It has been seven long years since Charlie Kaufman’s directorial debut (Synecdoche, New York) premiered to a lukewarm and confused reception, ultimately sending the Oscar-winning screenwriter into a lengthy retreat within the Hollywood underground. For years I was fervently curious about what this master storyteller was up to, and I finally have my answer in Anomalisa, Kaufman’s current Oscar nominee for Best Animated Film.
The once and future king of imaginative expression of idiosyncrasy isn’t shy in relating why it has been so long since his last film project. In an interview with The Guardian’s Jonathan Romney, the Anomalisa filmmaker freely admits that it has been a struggle for him to get projects made, citing the 2008 economic collapse and mainstream studios’ insistence on producing films based on intellectual properties (comic books, young adult novels, video games) over the singularly imaginative, but offbeat, ideas that made Kaufman a bona fide rockstar.
Despite his struggles, Mr. Kaufman has managed to entertain audiences with yet another film, a stop-motion animated narrative that chronicles one night in the life of two disparate individuals, Michael and Lisa (voiced by David Thewlis and Jennifer Jason Leigh). Michael is a successful author convinced that “everything is boring” who has come to an upscale Cincinnati hotel to give a seminar about customer service and business productivity. Lisa is an ardent admirer of Michael who has travelled four hours to The Queen City in order to hear her literary idol publicly lecture.
However, Michael is shaken from his apathetic lull when – after 30 minutes of quiet desperation – we finally hear the unmistakable female voice of Lisa. Her gender-specific verbal frequency is a revelation to our isolated protagonist. Michael suddenly pricks up his ears and transforms into a man of overwhelming curiosity. What is that noise? What is that sound? He’s never heard anything like it, and suddenly Michael’s defeatist life has been granted a reprieve. He must meet this woman, this sound, this song. And of course, he does just that.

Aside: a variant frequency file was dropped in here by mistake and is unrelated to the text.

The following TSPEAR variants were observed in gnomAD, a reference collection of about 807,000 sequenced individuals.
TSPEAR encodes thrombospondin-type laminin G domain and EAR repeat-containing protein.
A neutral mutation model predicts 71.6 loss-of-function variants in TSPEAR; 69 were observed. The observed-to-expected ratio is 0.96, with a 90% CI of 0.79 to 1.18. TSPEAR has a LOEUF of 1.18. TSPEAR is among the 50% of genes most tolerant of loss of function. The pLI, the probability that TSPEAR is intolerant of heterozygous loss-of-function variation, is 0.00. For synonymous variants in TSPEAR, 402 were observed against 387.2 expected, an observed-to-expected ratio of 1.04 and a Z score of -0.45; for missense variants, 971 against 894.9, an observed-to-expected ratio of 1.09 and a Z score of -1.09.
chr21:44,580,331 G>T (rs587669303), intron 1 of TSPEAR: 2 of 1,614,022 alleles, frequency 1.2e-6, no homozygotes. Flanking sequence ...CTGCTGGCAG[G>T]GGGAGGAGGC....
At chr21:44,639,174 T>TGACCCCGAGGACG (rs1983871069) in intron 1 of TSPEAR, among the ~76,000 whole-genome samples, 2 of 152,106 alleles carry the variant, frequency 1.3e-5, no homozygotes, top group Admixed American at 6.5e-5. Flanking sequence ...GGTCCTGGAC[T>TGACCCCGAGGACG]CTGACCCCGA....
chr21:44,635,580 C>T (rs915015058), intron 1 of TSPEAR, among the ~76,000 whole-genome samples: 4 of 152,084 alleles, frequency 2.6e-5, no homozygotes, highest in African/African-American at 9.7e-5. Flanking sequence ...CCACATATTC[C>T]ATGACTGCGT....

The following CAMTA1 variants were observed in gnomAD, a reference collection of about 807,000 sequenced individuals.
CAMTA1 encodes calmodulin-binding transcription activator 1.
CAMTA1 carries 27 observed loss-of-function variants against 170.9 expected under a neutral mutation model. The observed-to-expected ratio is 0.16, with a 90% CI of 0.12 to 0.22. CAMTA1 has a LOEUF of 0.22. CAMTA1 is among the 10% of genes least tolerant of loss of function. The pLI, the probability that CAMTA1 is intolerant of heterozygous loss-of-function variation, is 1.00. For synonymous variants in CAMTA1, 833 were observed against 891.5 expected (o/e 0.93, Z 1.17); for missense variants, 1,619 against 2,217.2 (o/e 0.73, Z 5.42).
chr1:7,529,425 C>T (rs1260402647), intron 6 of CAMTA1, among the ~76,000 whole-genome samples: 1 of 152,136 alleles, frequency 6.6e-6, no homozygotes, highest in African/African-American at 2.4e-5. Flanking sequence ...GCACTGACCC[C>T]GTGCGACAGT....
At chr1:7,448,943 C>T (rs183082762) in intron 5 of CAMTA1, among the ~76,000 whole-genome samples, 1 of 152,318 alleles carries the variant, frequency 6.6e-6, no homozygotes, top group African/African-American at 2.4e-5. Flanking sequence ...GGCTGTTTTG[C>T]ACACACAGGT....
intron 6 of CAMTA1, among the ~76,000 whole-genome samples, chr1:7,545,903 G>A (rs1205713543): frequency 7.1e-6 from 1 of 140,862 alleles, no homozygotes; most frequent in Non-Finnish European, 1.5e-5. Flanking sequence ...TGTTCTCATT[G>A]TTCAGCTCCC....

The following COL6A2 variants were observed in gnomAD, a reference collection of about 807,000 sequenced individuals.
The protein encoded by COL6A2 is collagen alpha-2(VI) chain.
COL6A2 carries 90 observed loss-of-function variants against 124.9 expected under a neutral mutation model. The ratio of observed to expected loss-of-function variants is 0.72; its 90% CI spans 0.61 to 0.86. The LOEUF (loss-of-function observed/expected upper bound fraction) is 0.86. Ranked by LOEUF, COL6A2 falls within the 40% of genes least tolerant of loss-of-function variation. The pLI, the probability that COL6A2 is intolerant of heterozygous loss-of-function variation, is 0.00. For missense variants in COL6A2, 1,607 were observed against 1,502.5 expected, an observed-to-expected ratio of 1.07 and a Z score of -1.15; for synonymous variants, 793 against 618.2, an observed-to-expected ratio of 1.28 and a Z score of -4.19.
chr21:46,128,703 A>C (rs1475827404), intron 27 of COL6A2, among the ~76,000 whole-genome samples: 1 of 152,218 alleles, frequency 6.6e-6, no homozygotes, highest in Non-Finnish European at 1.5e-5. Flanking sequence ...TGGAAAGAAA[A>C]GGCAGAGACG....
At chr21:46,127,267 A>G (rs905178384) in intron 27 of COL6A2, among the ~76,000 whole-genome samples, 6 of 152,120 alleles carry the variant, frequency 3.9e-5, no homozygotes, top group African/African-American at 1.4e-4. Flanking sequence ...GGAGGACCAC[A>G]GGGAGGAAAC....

I wouldn’t dare spoil the ending for our wonderful readers, but suffice it to say, it is in the third and final act that Kaufman’s iconic sensibility rears its wonderfully perverse head. While upping the stakes with a fast-paced barrage of surrealist inspiration, Mr. Kaufman is able to insert such serious secondary themes as conforming to gender roles and the male aversion to assertive women, no matter how quickly our characters gloss over them.
In addition to subliminal social justice issues, Anomalisa includes the writer’s familiar theme of characters struggling to reach their true potential and undergo the goal of self-actualization. Lisa is an underpaid, low-level employee who has never gone beyond the title of Team Leader. Michael is successful, but his frustration behind his ignorance of what motivates his alienating behavior depletes his zest for life. This expression of utter dissatisfaction with one’s life situation can also be clearly seen in John Cusack’s unsuccessful puppeteer, Nicolas Cage’s impotent screenwriter, and Jim Carrey’s grieving lover stuck in the past.
Charlie Kaufman’s touch is unmistakable in Anomalisa. The specificity of everyday life has perpetually been fixed upon his gaze. And for his unrelenting examination, he is a true artist of cinema.
Here are the facts: 1) Charlie Kaufman is a master storyteller. He has won an Oscar for screenwriting, and he’s now been nominated on three separate occasions. 2) It took over two years to painstakingly craft this stop-motion endeavor. 3) Anomalisa is nominated this year for Best Animated Film. If you can appreciate the gravity of any of the three statements above, then I strongly urge you to go out and witness Anomalisa for yourself.
Anomalisa opens this Friday, January 22. It is showing exclusively at the Santikos Bijou theater.